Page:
Being a creature of conviction, I just couldn’t bring myself to go buy cigarettes. The idea of paying a dime to the companies that have killed so many other mothers and fathers just irked me no end. I had refused for years to buy them for Mom. My sister had the perfect idea that we could “bum” some off some guys at the pier, and that’s what I did. I ran up and told them that I’d never begged a cigarette off anyone in my life, but that my mom had been a lifelong smoker and we were going to spread her ashes at sea. We wanted to smoke one in her honor. These big, beefy guys, covered in tattoos, turned to mush and gave me two, and offered me their lighter as well. Mom would have laughed to see me bumming cigarettes in a parking lot, for her.
We set sail under dusky skys and warm temperatures. The bay was totally still, not ideal for sailing, but in perhaps the only biofuel/diesel/hybrid sailboat on the west coast, we were able to coast out to windier parts of the bay, with only the slightest engine sound. We cruised past my house and along the shore, and the sun slowly went down in the sky. We all sat on the “trampoline”net at the front of the catamaran, all of us enjoying the time together and thinking of Mom/Grammy. When we finally reached a good spot, Todd put the boat in a gentle reverse and suggested we pour the ashes off the very back of the
netting. We had brought along the ashes of both of my mother’s beloved pugs, which she had kept for many years (Dobey died 12 years ago, Mea 3 years ago). We also brought some of our dog Callie’s ashes. My mother adored Callie, and she adored Mom. Little Man thought it was the right thing to do, so we did. We have planned to spread the rest of Callie’s ashes up on Chain of Lakes trail at Mt. Baker, her favorite place of all, but the trails haven’t opened for the past two years due to record snows. We brought some to go with mom, and will finally spread the last of them later this fall when the snow melts a little more.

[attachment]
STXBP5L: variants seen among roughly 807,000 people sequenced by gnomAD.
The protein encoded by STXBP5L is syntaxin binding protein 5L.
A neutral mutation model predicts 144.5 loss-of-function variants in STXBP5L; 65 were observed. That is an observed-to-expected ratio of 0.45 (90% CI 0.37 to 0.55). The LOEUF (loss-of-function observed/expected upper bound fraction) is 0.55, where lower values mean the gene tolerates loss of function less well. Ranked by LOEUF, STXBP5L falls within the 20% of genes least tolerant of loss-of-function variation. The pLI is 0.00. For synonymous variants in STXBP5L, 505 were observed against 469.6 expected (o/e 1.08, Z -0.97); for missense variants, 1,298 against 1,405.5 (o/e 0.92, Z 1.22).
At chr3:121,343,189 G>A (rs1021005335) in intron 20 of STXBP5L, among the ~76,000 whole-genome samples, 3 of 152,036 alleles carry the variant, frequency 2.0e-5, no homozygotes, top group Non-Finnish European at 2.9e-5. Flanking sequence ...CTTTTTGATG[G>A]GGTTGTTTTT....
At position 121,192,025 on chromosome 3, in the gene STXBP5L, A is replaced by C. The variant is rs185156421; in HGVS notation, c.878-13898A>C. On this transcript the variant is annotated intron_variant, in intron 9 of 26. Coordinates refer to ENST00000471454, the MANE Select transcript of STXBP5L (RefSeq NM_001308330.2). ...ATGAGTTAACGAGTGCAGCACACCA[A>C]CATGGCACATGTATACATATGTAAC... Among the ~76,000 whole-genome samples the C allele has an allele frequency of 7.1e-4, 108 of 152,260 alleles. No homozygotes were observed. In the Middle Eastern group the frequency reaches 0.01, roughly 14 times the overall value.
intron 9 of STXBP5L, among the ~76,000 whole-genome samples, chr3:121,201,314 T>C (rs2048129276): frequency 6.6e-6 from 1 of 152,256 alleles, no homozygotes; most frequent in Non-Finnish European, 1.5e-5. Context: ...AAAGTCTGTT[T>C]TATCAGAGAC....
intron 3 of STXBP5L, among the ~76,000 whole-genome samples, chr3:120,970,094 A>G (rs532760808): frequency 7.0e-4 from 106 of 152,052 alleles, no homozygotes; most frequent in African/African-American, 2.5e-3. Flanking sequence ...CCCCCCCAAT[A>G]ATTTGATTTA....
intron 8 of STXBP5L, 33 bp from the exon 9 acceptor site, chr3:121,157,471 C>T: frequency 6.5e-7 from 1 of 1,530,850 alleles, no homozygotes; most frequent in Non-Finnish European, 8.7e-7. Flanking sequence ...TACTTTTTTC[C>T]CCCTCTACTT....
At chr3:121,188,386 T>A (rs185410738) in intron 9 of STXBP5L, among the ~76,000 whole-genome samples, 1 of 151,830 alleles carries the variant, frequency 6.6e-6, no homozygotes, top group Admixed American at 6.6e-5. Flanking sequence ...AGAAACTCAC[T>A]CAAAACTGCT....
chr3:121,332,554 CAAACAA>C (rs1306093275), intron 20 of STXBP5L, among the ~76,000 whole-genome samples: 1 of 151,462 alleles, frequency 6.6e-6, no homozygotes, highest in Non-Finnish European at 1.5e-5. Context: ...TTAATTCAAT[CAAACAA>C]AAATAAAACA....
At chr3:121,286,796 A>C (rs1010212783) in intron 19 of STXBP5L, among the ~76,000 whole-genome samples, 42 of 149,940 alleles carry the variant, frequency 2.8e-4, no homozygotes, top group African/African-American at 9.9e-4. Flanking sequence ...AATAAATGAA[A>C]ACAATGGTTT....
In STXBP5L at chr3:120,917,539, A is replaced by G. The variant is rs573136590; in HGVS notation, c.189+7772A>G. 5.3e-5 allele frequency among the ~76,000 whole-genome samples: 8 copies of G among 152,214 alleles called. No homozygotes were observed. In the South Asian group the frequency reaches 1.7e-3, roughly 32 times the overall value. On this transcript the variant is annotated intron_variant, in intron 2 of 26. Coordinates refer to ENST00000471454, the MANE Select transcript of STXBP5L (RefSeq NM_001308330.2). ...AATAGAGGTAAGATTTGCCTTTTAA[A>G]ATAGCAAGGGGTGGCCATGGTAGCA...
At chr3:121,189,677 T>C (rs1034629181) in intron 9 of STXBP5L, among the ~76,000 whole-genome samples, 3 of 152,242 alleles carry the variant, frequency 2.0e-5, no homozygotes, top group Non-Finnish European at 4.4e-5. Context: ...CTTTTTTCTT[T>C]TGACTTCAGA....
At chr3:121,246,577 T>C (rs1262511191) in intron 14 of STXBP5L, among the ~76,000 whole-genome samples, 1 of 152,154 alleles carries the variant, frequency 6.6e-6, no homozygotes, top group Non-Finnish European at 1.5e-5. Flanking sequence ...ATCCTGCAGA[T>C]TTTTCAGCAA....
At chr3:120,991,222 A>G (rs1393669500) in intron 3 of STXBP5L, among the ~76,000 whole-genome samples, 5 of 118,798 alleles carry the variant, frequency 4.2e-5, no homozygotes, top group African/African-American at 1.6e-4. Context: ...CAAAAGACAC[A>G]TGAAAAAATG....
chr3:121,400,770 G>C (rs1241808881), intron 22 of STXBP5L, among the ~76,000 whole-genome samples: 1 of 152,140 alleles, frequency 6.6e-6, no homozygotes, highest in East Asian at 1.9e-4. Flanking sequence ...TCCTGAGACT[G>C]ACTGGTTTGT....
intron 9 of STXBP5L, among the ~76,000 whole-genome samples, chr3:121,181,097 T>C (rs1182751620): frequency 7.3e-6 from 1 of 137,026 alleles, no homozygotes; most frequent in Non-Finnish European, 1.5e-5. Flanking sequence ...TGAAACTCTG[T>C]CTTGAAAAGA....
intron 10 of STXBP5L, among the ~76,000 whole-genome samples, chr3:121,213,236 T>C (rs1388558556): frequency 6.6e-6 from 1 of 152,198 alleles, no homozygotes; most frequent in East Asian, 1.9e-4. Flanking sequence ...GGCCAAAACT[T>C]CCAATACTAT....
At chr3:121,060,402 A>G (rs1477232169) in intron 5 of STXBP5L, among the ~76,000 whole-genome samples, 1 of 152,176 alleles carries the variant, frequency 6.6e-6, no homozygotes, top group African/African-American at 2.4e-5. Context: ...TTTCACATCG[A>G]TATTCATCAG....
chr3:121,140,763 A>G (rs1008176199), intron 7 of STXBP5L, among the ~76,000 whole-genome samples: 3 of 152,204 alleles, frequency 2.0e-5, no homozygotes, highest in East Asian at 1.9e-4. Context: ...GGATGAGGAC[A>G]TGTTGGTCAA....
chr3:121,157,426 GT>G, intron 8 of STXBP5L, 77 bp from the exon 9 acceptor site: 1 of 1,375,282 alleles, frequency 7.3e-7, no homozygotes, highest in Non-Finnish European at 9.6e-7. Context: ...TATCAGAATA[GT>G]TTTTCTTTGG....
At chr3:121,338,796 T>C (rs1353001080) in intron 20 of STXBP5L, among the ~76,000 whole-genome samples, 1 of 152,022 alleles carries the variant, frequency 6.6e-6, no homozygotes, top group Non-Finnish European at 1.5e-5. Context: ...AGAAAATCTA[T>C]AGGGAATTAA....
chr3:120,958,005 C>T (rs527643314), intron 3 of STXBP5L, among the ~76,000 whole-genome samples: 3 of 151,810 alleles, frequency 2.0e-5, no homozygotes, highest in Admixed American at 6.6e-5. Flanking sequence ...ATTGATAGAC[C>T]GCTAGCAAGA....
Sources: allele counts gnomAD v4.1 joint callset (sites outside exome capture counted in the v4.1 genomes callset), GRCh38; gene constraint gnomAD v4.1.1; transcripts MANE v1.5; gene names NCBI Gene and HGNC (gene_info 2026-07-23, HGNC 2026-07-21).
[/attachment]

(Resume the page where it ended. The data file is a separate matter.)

As the boat slowed and we lit the two cigarettes and passed them around. No minors were involved in this, but the rest of us took a drag and we all sipped cold Coke. Mom would have laughed out loud to see me cough away at my mid-life effort. When the boat was steady, and positioned properly to avoid a Big Lebowski moment(see minute 1:30), my sister and I opened the sealed bag that had held Mom’s ashes, and we slowly poured them in the wake behind the boat. As the ashes fell into the water my emotions rushed to the surface and I was completely overcome. I wept as if it was the morning of December 31, 2011 when she died. It felt so final and powerful to watch those ashes melt into the depths of the bay I look at each day from every window of my home. My sister
and I held each others’ hands, and someone held my shoulder as I crumbled in heaps of tears. When we’d both pulled ourselves together, we all sat for a few moments and just watched the sun sink below the horizon. Then Captain Todd turned the boat engine back on and we began our gentle return to the harbor. I lay on the netting and watched the mast as my kids nestled up in my arms, bringing silent comfort to me.
When I envisioned a farewell for my mother, I wanted to celebrate her and not feel tied to the those final years, when her body was broken and her dreams as well. She fought it to the end, asking us to see her as she had lived most of her life: independent and spirited, but it was hard to do sometimes. Out on that boat, with the people I love most in the world, I felt my mother as she wanted us to see her. She would have loved every single minute of the evening. She would have loved that we were all there; with no arguing and lots of laughs. She would have loved that we remembered her pups. She would have loved the cigarettes and our efforts to honor her that way. Coke was the only thing she clung to up to the end, the onlything
she consumed in her final weeks. It killed me to see, but she loved it. We loved her and she would have felt that, if she’d been there, or if she could see us all. I will miss her, and grieve for her for a long time, but for all that she lost in her final years with Huntington’s, if felt so good to bring dignity to her memory again. It was the perfect night for my mother, and I felt at peace when we moored and it was over.